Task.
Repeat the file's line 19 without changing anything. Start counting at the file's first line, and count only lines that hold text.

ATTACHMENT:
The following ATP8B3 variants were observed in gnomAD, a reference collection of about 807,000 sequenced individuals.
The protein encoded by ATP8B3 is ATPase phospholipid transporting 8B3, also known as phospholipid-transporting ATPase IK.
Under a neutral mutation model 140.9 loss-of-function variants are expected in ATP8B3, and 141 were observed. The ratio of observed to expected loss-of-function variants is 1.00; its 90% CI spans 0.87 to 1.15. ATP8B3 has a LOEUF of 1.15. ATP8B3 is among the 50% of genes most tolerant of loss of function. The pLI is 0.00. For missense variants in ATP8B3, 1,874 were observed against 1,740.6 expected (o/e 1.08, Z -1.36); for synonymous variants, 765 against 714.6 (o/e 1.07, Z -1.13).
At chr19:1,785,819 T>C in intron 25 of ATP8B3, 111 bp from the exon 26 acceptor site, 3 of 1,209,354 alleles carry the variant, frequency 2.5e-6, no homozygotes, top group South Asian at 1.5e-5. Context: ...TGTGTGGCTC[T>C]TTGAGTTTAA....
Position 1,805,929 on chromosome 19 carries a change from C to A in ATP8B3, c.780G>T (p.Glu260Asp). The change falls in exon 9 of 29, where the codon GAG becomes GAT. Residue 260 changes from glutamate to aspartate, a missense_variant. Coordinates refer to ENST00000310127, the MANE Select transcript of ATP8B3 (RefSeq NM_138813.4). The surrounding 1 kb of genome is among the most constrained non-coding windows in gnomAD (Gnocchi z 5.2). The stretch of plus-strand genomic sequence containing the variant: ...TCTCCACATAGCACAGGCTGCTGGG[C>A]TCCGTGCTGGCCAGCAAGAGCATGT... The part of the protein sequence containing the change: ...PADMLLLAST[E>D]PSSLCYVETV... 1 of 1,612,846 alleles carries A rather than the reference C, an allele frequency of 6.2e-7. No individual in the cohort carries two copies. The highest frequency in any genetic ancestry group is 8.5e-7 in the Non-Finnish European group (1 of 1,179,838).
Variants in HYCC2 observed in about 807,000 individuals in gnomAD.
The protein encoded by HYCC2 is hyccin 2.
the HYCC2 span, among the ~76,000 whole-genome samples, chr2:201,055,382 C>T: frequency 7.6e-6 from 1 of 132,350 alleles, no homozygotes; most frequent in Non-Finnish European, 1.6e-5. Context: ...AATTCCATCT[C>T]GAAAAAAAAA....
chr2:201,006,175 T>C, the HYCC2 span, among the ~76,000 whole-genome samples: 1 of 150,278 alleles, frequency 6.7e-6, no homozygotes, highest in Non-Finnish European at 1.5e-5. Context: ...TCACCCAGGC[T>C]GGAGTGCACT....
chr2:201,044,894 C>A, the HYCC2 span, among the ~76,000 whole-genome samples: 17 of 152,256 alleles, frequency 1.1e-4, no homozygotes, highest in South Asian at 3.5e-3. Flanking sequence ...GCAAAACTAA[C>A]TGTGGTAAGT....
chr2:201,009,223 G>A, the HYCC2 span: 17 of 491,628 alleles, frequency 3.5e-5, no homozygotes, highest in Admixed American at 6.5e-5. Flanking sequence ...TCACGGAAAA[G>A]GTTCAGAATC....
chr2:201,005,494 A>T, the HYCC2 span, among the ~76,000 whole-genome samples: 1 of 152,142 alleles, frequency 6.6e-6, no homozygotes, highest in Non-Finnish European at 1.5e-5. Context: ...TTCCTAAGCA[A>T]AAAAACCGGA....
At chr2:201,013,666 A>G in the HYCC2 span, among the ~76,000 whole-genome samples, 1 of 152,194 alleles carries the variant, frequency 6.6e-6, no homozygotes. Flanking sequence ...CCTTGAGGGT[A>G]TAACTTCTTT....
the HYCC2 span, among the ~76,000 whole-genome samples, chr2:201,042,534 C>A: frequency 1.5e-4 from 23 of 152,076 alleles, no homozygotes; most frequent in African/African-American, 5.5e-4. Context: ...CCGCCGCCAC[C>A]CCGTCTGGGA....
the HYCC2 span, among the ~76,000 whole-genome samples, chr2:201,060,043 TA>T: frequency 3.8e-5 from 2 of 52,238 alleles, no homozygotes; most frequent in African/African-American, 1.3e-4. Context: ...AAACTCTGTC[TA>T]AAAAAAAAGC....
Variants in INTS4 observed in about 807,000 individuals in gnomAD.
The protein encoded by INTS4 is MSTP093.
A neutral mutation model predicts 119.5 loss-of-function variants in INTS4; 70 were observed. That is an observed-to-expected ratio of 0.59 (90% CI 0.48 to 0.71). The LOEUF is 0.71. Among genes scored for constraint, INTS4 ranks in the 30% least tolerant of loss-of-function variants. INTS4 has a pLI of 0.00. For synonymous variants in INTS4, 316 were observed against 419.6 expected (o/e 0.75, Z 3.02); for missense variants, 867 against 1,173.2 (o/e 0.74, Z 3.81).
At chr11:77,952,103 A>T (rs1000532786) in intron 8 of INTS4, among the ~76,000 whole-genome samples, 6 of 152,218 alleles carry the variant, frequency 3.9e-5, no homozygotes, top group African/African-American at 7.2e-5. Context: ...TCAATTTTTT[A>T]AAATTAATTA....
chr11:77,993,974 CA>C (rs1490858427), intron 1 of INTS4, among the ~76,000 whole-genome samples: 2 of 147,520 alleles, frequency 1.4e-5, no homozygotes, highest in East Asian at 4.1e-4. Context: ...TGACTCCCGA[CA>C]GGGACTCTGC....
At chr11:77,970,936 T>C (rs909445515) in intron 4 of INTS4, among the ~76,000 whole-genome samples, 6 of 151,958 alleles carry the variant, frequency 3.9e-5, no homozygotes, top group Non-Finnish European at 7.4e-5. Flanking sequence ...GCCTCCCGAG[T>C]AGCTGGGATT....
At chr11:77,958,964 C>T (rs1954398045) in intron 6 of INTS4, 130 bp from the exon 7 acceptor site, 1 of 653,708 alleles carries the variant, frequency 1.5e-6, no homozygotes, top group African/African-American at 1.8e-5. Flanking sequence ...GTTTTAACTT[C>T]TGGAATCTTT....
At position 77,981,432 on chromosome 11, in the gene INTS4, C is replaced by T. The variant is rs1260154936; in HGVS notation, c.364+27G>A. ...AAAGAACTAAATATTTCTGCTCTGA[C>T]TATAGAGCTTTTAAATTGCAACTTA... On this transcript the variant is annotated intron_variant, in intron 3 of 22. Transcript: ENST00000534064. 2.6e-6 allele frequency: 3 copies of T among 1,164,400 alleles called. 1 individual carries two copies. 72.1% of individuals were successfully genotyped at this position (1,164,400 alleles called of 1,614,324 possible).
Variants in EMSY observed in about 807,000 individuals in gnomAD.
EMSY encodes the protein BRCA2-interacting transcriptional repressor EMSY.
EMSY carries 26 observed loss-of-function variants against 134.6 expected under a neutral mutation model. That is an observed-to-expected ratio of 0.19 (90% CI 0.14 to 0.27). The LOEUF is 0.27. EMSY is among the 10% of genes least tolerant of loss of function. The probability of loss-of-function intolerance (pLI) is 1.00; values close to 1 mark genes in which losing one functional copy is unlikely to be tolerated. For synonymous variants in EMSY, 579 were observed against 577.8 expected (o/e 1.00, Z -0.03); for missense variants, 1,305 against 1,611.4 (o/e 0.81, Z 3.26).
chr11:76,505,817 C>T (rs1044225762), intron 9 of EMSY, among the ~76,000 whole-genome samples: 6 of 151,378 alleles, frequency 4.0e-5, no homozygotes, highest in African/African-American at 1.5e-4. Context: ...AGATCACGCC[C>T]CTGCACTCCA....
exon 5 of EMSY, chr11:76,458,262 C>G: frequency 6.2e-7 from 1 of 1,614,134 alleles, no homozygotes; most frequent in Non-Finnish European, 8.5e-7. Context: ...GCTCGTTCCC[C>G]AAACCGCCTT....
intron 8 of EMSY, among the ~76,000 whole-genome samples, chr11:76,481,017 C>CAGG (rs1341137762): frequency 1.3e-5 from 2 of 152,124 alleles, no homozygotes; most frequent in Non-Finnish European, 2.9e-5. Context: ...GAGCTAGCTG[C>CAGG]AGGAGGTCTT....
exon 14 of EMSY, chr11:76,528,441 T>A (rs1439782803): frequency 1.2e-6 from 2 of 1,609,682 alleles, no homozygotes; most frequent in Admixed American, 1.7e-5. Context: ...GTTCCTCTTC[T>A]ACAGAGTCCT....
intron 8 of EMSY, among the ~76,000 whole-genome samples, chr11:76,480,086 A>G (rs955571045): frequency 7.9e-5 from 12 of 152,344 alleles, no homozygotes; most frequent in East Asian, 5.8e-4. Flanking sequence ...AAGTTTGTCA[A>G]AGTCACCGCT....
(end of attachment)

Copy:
At chr11:77,952,103 A>T (rs1000532786) in intron 8 of INTS4, among the ~76,000 whole-genome samples, 6 of 152,218 alleles carry the variant, frequency 3.9e-5, no homozygotes, top group African/African-American at 7.2e-5. Context: ...TCAATTTTTT[A>T]AAATTAATTA....